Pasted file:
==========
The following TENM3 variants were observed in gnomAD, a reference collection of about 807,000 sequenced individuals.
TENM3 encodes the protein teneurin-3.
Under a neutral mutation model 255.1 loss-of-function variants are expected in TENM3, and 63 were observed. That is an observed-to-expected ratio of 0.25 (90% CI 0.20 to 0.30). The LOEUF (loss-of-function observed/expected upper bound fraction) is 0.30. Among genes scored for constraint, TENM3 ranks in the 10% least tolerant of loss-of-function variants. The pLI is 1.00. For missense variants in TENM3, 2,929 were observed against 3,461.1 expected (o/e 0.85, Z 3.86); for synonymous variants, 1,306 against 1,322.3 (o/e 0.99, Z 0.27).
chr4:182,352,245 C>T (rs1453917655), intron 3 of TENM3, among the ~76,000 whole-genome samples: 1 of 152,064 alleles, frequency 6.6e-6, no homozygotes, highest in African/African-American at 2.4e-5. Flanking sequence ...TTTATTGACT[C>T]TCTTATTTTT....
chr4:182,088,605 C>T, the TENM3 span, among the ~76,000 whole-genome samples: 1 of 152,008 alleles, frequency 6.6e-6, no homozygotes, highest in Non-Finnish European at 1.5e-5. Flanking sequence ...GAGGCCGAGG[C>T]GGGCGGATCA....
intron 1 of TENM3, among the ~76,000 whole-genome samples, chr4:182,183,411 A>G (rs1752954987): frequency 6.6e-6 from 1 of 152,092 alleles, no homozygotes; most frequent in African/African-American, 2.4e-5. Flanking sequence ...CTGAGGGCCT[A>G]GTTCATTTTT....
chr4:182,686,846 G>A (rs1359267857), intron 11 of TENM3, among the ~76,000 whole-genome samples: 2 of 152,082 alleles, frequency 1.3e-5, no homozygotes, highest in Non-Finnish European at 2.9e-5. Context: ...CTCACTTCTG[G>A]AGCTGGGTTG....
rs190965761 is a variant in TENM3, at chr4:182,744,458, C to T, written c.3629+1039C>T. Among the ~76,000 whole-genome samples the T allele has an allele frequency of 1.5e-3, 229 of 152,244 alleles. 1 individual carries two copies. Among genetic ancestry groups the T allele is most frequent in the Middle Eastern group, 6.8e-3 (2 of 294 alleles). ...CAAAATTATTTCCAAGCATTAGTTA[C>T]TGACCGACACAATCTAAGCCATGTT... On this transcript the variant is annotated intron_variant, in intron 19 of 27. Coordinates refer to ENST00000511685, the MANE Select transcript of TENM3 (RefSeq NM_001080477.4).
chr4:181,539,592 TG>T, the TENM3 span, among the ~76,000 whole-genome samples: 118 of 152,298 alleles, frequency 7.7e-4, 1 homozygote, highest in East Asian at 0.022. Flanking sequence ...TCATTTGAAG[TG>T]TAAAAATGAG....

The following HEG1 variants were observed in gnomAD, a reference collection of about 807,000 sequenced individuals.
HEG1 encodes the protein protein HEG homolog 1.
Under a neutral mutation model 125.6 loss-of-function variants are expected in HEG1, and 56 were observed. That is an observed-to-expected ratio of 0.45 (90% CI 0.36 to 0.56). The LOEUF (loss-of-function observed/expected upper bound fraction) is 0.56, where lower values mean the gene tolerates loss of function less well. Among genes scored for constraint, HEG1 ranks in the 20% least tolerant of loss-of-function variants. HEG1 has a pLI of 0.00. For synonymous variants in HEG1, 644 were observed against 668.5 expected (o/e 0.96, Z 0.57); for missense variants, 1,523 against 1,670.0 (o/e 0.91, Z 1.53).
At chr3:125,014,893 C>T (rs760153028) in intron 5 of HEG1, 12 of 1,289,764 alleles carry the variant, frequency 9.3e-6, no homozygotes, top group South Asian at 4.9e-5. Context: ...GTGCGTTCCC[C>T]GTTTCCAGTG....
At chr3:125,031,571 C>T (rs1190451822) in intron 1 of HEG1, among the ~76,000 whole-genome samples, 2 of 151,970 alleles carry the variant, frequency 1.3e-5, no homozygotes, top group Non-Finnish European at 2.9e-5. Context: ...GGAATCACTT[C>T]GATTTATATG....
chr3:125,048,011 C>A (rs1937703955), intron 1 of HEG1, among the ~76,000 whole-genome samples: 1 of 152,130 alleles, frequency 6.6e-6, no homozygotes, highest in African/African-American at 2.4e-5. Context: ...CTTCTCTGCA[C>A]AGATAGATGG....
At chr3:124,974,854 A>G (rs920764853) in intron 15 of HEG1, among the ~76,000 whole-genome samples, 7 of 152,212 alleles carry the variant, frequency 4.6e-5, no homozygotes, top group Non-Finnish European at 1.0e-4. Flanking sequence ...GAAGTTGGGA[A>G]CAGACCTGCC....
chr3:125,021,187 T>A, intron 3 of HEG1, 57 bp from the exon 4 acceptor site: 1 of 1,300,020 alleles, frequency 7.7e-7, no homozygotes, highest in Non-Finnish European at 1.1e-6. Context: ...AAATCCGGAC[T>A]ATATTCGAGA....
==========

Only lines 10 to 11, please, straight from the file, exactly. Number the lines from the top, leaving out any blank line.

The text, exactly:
The following HEG1 variants were observed in gnomAD, a reference collection of about 807,000 sequenced individuals.
HEG1 encodes the protein protein HEG homolog 1.